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They didn't talk about vulnerability being comfortable, nor did they really talk about it being excruciating — as I had heard it earlier in the shame interviewing. They talked about the willingness to say, "I love you" first ... Show me a generation of kids raised like that, and we'll end the problems, I think, that we see today.the willingness to do something where there are no guarantees ... We pretend that what we do doesn't have an effect on people. We do that corporate — whether it's a bailout, an oil spill ... We pretend like what we're doing doesn't have a huge impact on other people.They had the compassion to be kind to themselves first and then to others, because, as it turns out, we can't practice compassion with other people if we can't treat ourselves kindly.And the last was they had connection, and — this was the hard part — as a result of authenticity, they were willing to let go of who they thought they should be in order to be who they were, which you have to absolutely do that for connection. If there's anyone who wants their life to look like this, it would be me, but it doesn't work. They're hardwired for struggle when they get here.So, I'll start with this: a couple years ago, an event planner called me because I was going to do a speaking event. Why don't you just say I'm a researcher-storyteller." And she went, "Ha ha. And so I thought, you know what, this is the career for me, because I am interested in some messy topics. It's what gives purpose and meaning to our lives. It doesn't matter whether you talk to people who work in social justice, mental health and abuse and neglect, what we know is that connection, the ability to feel connected, is — neurobiologically that's how we're wired — it's why we're here.And she called, and she said, "I'm really struggling with how to write about you on the little flyer." And I thought, "Well, what's the struggle? There's no such thing." So I'm a researcher-storyteller, and I'm going to talk to you today — we're talking about expanding perception — and so I want to talk to you and tell some stories about a piece of my research that fundamentally expanded my perception and really actually changed the way that I live and love and work and parent. When I was a young researcher, doctoral student, my first year, I had a research professor who said to us, "Here's the thing, if you cannot measure it, it does not exist." And I thought he was just sweet-talking me. " and he was like, "Absolutely." And so you have to understand that I have a bachelor's and a master's in social work, and I was getting my Ph. in social work, so my entire academic career was surrounded by people who kind of believed in the "life's messy, love it." And I'm more of the, "life's messy, clean it up, organize it and put it into a bento box." And so to think that I had found my way, to found a career that takes me — really, one of the big sayings in social work is, "Lean into the discomfort of the work." And I'm like, knock discomfort upside the head and move it over and get all A's. So I thought, you know what, I'm going to start with connection." And she said, "Well, I saw you speak, and I'm going to call you a researcher, I think, but I'm afraid if I call you a researcher, no one will come, because they'll think you're boring and irrelevant." And I was like, "Okay." And she said, "But the thing I liked about your talk is you're a storyteller. Well, you know that situation where you get an evaluation from your boss, and she tells you 37 things that you do really awesome, and one "opportunity for growth?So I think what I'll do is just call you a storyteller." And of course, the academic, insecure part of me was like, "You're going to call me a what? " And all you can think about is that opportunity for growth, right?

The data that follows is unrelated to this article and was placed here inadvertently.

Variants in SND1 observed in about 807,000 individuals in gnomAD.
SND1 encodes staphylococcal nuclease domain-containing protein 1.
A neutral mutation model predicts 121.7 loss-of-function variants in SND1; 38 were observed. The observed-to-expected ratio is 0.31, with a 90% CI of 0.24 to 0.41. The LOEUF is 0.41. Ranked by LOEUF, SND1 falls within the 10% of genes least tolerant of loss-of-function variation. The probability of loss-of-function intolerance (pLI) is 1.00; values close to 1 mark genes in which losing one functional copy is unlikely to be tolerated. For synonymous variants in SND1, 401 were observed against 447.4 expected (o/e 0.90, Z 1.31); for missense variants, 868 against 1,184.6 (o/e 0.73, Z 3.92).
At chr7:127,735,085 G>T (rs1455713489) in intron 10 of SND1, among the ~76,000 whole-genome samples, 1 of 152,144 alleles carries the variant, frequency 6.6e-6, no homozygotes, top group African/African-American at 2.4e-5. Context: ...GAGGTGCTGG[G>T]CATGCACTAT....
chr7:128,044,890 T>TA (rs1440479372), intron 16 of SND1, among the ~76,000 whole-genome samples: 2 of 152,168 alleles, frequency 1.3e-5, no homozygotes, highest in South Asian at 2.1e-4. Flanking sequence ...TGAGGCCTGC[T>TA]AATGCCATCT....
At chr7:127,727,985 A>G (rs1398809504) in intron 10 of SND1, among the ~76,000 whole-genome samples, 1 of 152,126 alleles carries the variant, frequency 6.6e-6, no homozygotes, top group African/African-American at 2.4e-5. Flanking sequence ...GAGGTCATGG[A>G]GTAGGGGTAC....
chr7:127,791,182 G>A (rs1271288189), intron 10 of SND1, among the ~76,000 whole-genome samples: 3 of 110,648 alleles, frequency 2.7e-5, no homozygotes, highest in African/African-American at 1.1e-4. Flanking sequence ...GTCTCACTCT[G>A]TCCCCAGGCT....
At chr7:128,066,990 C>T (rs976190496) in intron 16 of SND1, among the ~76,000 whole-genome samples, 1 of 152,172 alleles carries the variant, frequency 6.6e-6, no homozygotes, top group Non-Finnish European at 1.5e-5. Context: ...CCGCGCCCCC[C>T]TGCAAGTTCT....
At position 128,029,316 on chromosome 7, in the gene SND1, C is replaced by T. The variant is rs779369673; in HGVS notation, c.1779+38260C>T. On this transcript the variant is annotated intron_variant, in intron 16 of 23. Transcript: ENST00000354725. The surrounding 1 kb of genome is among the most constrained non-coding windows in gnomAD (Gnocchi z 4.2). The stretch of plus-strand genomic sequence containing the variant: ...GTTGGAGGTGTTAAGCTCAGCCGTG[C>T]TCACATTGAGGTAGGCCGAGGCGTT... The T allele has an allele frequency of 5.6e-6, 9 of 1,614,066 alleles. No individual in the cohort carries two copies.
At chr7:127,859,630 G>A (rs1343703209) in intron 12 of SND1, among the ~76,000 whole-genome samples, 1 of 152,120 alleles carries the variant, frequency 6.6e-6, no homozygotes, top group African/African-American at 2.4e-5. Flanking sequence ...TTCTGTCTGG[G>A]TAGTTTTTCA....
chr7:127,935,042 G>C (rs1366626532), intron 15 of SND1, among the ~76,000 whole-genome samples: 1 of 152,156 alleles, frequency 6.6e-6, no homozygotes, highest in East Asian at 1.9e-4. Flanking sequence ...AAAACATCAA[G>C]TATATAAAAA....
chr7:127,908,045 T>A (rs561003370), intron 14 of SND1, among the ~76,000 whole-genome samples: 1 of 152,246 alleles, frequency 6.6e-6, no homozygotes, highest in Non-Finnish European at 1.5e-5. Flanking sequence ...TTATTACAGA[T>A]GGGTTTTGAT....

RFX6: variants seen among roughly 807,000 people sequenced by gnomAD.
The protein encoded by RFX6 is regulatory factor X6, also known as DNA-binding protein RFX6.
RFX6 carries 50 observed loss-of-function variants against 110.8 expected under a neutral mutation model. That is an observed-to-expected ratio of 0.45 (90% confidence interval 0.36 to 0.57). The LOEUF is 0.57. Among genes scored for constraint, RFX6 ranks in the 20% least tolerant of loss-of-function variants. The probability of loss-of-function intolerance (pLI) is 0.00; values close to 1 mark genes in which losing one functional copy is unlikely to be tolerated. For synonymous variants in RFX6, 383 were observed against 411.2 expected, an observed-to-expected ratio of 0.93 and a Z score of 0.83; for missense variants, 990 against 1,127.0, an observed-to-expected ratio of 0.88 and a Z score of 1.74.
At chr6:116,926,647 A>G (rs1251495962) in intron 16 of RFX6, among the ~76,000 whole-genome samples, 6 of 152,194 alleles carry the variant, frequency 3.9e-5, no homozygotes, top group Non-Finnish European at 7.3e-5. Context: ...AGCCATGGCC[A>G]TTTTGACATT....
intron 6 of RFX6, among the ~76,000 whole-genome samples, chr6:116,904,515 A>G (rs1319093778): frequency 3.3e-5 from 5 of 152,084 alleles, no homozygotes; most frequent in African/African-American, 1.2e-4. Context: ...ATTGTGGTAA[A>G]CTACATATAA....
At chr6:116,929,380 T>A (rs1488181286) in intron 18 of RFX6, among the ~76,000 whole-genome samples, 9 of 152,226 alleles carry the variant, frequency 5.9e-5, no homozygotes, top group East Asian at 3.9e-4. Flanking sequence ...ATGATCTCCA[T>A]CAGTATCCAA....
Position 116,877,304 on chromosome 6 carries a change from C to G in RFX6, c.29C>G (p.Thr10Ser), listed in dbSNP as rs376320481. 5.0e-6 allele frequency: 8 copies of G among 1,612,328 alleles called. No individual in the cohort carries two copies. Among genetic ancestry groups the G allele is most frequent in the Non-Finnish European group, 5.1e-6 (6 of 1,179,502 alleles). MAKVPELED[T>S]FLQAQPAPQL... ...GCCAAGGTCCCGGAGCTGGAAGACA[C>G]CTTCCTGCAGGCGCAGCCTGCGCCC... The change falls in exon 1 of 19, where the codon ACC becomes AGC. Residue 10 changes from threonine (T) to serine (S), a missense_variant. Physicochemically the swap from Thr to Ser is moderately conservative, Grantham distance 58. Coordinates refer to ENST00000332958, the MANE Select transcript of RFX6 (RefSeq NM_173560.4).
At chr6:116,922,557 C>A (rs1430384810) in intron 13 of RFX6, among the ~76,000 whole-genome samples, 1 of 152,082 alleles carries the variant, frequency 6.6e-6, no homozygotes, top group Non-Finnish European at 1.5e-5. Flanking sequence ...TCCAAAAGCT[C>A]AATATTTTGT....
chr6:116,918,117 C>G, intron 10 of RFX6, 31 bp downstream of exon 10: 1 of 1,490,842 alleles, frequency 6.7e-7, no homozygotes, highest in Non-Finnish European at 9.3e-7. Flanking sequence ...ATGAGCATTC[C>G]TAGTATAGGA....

I wrote a book, I published a theory, but something was not okay — and what it was is that, if I roughly took the people I interviewed and divided them into people who really have a sense of worthiness — that's what this comes down to, a sense of worthiness — they have a strong sense of love and belonging — and folks who struggle for it, and folks who are always wondering if they're good enough.So very quickly — really about six weeks into this research — I ran into this unnamed thing that absolutely unraveled connection in a way that I didn't understand or had never seen.And so I pulled back out of the research and thought, I need to figure out what this is. And shame is really easily understood as the fear of disconnection: Is there something about me that, if other people know it or see it, that I won't be worthy of connection?So I wrote at the top of the manila folder, and I started looking at the data. My husband left town with the kids because I always go into this Jackson Pollock crazy thing, where I'm just writing and in my researcher mode. Courage, the original definition of courage, when it first came into the English language — it's from the Latin word "cor," meaning "heart" — and the original definition was to tell the story of who you are with your whole heart.In fact, I did it first in a four-day, very intensive data analysis, where I went back, pulled the interviews, the stories, pulled the incidents. And so these folks had, very simply, the courage to be imperfect.